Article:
By Maura Forrest
October 16, 2014
What technology will contribute the most to bringing down fossil fuel emissions from homes, cars, and businesses? Fuel cells? Nuclear fusion? Or perhaps something a little less glamorous?
A new report released by the International Energy Agency (IEA) is calling energy efficiency the world’s “first fuel.” It shows that investments in energy efficiency over the last four decades in 11 IEA member countries have saved 1.3 billion tonnes of oil-equivalent - more than the entire energy consumption of the European Union in 2011.
The report also concludes that energy efficiency is now an established market, worth at least $310 billion per year.
“Energy efficiency is the invisible powerhouse in IEA countries and beyond, working behind the scenes to improve our energy security, lower our energy bills and move us closer to reaching our climate goals,” said IEA executive director Maria van der Hoeven in a press release.
In Canada, various measures are being taken to improve energy efficiency. The federal government released its Model National Energy Code for Buildings in 2011, which establishes minimum efficiency standards for building, lighting, heating, and electricity. The code lays out a 25 per cent energy efficiency improvement over the previous building code. To date, however, only a handful of the provinces have adopted the code.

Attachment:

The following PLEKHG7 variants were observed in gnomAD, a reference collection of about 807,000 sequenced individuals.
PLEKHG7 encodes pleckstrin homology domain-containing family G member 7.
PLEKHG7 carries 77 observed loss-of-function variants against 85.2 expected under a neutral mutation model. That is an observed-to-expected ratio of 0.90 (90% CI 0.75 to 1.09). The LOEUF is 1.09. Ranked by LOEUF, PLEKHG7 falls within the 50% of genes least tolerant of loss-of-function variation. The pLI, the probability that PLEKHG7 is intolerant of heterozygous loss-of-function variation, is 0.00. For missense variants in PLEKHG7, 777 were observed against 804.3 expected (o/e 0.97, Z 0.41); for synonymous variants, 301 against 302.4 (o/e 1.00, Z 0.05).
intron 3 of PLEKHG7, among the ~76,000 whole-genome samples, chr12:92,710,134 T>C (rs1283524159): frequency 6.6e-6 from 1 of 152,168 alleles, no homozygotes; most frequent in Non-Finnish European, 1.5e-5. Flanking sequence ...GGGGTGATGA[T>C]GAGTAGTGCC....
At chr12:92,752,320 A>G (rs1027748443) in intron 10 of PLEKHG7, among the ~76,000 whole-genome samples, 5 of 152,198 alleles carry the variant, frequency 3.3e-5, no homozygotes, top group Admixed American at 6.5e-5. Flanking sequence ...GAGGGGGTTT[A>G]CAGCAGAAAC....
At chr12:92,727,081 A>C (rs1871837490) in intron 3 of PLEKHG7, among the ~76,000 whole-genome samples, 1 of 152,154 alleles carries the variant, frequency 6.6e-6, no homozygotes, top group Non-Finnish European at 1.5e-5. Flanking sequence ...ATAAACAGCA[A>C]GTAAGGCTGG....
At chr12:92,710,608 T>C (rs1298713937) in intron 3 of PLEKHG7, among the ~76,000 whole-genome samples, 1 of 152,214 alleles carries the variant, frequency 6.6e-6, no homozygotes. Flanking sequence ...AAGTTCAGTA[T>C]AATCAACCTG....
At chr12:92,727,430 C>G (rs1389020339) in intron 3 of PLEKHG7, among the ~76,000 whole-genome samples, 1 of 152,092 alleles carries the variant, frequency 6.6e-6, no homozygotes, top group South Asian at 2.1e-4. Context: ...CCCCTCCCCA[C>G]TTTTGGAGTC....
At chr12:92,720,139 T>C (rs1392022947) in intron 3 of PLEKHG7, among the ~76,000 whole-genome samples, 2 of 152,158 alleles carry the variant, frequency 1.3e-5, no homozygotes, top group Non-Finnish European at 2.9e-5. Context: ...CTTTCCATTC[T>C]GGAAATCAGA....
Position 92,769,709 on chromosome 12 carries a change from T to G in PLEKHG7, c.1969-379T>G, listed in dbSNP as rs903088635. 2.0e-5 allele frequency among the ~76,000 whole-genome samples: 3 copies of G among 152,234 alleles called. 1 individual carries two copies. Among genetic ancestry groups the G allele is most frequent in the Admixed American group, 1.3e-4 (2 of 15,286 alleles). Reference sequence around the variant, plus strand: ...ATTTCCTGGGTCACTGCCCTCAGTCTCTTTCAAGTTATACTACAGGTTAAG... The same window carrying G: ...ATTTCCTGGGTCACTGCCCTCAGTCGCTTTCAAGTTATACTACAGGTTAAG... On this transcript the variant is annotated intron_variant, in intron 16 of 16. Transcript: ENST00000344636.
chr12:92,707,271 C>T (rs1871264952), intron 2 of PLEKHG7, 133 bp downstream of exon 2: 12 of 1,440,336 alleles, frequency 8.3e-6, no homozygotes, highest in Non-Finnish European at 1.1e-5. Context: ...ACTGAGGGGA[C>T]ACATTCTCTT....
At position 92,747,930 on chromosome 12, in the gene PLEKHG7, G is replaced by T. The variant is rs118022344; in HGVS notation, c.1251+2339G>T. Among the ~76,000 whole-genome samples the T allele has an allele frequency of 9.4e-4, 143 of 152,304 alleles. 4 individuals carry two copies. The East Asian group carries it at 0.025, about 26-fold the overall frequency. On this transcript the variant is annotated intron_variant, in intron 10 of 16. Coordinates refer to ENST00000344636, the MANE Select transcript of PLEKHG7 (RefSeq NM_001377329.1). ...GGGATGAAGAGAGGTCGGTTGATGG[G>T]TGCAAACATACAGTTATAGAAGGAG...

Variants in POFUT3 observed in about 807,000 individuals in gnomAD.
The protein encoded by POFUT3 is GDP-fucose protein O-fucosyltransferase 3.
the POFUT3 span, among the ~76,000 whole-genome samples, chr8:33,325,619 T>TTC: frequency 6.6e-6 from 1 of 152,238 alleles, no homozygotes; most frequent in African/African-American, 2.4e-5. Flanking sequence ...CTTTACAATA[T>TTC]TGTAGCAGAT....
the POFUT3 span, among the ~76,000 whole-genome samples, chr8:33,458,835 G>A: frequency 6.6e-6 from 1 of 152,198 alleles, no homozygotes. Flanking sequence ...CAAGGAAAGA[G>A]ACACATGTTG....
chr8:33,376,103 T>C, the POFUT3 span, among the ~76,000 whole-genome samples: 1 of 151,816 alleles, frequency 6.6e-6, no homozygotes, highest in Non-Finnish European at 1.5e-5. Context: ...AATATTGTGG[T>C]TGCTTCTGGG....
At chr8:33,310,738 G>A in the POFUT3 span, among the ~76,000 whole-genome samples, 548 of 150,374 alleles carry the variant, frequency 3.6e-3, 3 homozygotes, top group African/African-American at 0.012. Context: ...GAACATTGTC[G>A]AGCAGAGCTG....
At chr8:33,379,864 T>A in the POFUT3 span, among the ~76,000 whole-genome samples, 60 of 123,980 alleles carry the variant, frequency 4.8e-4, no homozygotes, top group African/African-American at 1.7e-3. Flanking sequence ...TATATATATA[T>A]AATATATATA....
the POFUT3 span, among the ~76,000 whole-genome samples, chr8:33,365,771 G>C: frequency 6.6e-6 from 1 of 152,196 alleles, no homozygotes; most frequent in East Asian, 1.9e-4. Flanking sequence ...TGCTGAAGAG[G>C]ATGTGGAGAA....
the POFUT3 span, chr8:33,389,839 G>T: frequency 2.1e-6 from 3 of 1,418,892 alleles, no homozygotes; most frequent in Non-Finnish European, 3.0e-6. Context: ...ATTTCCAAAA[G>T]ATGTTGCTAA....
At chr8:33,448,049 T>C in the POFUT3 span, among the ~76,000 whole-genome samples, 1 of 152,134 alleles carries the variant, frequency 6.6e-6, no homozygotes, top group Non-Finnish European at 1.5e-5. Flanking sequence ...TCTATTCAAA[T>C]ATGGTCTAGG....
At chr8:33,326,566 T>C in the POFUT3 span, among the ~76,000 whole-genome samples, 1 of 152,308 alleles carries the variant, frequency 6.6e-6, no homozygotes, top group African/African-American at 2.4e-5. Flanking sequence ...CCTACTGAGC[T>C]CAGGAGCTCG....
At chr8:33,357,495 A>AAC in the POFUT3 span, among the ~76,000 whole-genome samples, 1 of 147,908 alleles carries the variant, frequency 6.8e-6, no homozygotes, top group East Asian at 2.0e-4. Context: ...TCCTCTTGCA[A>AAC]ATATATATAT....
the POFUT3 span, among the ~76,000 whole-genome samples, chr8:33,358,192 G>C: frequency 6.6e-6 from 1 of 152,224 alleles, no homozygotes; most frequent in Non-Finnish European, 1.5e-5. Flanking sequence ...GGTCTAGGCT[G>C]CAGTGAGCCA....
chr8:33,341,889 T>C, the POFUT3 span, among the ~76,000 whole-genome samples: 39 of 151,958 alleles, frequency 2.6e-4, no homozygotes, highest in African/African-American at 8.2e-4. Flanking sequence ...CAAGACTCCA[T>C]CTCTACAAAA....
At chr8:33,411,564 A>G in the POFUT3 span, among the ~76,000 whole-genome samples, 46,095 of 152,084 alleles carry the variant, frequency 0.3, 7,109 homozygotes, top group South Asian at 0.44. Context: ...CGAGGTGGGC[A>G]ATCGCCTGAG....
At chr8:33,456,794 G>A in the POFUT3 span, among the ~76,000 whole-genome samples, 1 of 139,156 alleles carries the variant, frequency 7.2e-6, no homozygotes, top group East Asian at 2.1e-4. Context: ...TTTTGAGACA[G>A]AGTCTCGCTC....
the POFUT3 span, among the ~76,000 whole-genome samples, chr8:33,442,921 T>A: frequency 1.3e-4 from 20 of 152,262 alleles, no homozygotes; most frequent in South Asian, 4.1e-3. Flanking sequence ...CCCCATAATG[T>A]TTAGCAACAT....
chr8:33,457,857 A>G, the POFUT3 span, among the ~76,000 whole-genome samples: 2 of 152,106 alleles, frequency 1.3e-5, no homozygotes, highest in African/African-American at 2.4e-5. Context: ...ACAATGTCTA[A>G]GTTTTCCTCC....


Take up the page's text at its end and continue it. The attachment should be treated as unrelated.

Meanwhile, many provincial energy utilities offer incentives and rebates to homeowners who buy Energy Star appliances and invest in energy efficiency improvements in their homes.
And individual cities are also taking steps to boost efficiency. The City of Toronto launched a $20-million water and energy efficiency pilot project in 2013, which provides low-interest loans to people who want to upgrade their insulation or replace appliances.
But energy efficiency is not simply a strategy for the developed world.
The IEA claims that “huge potential for energy efficiency” exists in emerging economies. It estimates that transportation efficiency could reduce global fuel costs by up to $190 billion by 2020.
Photo Credit: P. Gordon